Llombart V, Dominguez C, Bustamante A, Rodriguez-Sureda V, Martín-Gallán P, Vilches A, García-Berrocoso T, Penalba A, Hernández-Guillamon M, Rubiera M, Ribó M, Eschenfelder C, Giralt D, Molina CA, Alvarez-Sabín J, Rosell A, Montaner J.

Stroke. 2014 Feb;45(2):432-7.



Fluorescent molecular peroxidation products (FMPPs) are considered potential markers of molecular oxidative damage and may provoke increased permeability and disruption of the blood-brain barrier. This study aimed to determine the value of FMPPs as a biomarker to predict neurological worsening related to early hemorrhagic transformation.


Baseline FMPP levels were measured in 186 consecutive acute ischemic stroke patients before tissue plasminogen activator treatment was administered. A serial FMPP profile (baseline before tissue plasminogen activator treatment, and 1, 2, 12, and 24 hours from treatment) was determined in a subset of 100 patients. Computed tomographic scans were performed at admission and repeated at 24 to 48 hours or after neurological worsening occurred. Symptomatic intracranial hemorrhage was defined as blood at any site in the brain associated with neurological deterioration.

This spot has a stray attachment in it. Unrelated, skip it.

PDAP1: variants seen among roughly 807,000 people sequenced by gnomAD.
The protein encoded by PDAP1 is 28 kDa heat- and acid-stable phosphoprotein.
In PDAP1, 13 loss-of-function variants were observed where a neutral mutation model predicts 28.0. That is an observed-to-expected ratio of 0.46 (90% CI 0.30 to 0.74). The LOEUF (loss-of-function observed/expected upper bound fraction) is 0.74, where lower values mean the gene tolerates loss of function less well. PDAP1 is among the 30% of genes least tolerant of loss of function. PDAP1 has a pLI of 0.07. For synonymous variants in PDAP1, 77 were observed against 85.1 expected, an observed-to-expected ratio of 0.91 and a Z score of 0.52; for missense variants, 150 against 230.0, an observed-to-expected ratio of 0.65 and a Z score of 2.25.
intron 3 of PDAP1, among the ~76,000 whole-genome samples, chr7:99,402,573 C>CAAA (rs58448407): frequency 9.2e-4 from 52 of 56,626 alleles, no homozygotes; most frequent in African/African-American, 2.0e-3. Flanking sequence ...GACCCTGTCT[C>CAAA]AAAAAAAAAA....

Patients who worsened had higher median FMPP levels compared with those who did not (59.68 [48.63-85.73] versus 44.87 [36.37-58.90] Uf/mL; P=0.035) at baseline. After logistic regression multivariate analysis, FMPP >48.2 Uf/mL together with age, hypertension, and systolic blood pressure remained baseline predictors of worsening at 48 hours. Moreover, baseline FMPP determination helped to distinguish between patients who worsened and those who did not (Integrated Discrimination Improvement index, 5.7%; P=0.0004). Finally, within patients who had worsened at 48 hours, those with symptomatic intracranial hemorrhage had higher FMPP levels (P=0.038).


FMPPs might be a valuable biomarker of poor early neurological outcome and be related to the appearance of symptomatic intracranial hemorrhage in tissue plasminogen activator-treated patients, one of the most feared neurological complications after thrombolytic treatment of acute ischemic stroke.